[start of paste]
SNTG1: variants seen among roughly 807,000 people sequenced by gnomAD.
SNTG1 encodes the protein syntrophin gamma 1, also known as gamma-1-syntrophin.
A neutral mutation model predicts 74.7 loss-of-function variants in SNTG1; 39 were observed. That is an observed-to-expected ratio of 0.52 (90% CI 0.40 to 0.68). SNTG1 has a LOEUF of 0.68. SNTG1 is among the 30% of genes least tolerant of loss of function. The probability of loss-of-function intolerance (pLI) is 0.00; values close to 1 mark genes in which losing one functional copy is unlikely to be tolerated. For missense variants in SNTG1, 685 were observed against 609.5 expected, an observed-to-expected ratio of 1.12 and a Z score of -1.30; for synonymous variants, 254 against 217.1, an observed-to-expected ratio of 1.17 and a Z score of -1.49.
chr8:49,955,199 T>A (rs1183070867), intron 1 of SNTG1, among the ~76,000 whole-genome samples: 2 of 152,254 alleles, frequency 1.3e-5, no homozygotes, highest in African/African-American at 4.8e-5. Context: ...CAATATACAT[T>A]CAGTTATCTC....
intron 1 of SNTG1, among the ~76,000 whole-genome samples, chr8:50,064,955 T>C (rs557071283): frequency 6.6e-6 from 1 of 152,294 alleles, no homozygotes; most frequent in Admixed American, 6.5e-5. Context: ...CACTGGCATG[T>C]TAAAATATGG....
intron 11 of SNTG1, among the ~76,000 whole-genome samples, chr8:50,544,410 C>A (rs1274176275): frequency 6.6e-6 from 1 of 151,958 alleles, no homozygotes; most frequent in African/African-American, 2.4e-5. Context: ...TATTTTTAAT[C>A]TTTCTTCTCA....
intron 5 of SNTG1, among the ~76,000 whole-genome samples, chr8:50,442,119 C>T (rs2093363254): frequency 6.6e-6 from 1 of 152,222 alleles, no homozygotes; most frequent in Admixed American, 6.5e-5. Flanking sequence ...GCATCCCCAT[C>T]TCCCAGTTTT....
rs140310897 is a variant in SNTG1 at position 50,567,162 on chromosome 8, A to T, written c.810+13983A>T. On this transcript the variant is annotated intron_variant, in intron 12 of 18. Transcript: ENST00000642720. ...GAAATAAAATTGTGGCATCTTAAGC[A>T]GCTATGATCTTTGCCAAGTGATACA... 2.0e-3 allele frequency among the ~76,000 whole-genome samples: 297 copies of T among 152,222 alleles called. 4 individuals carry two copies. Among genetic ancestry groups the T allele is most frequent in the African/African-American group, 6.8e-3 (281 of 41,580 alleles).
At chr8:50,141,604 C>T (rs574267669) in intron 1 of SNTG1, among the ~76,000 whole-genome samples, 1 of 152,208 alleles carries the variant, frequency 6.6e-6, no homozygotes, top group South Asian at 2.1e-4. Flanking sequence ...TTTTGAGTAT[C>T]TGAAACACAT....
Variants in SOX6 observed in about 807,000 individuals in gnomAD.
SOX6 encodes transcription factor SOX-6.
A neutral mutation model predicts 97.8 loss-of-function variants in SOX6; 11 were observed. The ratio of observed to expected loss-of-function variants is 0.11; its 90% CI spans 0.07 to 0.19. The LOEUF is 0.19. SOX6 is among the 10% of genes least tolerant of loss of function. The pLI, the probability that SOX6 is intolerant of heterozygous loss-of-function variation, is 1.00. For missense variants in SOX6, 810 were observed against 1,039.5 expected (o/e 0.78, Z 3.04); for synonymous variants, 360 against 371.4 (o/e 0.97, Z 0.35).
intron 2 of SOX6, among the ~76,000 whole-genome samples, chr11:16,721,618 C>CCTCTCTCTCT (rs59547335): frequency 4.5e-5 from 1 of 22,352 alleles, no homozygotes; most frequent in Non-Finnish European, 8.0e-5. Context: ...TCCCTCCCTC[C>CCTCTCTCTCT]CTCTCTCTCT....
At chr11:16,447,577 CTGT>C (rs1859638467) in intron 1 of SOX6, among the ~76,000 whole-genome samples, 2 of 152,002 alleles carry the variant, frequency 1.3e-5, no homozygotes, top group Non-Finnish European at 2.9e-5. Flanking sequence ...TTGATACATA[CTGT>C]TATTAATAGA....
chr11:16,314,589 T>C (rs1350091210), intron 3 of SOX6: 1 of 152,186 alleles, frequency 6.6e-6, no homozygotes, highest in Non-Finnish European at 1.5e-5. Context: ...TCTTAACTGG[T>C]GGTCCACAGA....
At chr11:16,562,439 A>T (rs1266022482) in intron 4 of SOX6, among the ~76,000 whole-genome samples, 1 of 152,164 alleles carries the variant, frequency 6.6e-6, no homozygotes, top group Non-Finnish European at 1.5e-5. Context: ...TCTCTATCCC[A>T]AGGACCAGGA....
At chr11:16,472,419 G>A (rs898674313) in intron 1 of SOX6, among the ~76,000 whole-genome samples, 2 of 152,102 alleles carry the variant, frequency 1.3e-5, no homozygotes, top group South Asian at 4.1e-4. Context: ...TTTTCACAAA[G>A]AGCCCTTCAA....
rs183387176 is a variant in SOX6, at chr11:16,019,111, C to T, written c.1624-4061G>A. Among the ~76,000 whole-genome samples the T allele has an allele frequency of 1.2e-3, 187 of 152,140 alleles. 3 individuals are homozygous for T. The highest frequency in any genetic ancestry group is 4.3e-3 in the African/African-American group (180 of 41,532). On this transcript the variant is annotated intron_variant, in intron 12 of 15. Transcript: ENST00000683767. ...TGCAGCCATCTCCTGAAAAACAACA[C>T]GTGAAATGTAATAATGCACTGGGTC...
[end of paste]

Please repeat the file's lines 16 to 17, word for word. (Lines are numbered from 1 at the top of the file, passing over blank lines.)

At chr11:16,562,439 A>T (rs1266022482) in intron 4 of SOX6, among the ~76,000 whole-genome samples, 1 of 152,164 alleles carries the variant, frequency 6.6e-6, no homozygotes, top group Non-Finnish European at 1.5e-5. Context: ...TCTCTATCCC[A>T]AGGACCAGGA....
At chr11:16,472,419 G>A (rs898674313) in intron 1 of SOX6, among the ~76,000 whole-genome samples, 2 of 152,102 alleles carry the variant, frequency 1.3e-5, no homozygotes, top group South Asian at 4.1e-4. Context: ...TTTTCACAAA[G>A]AGCCCTTCAA....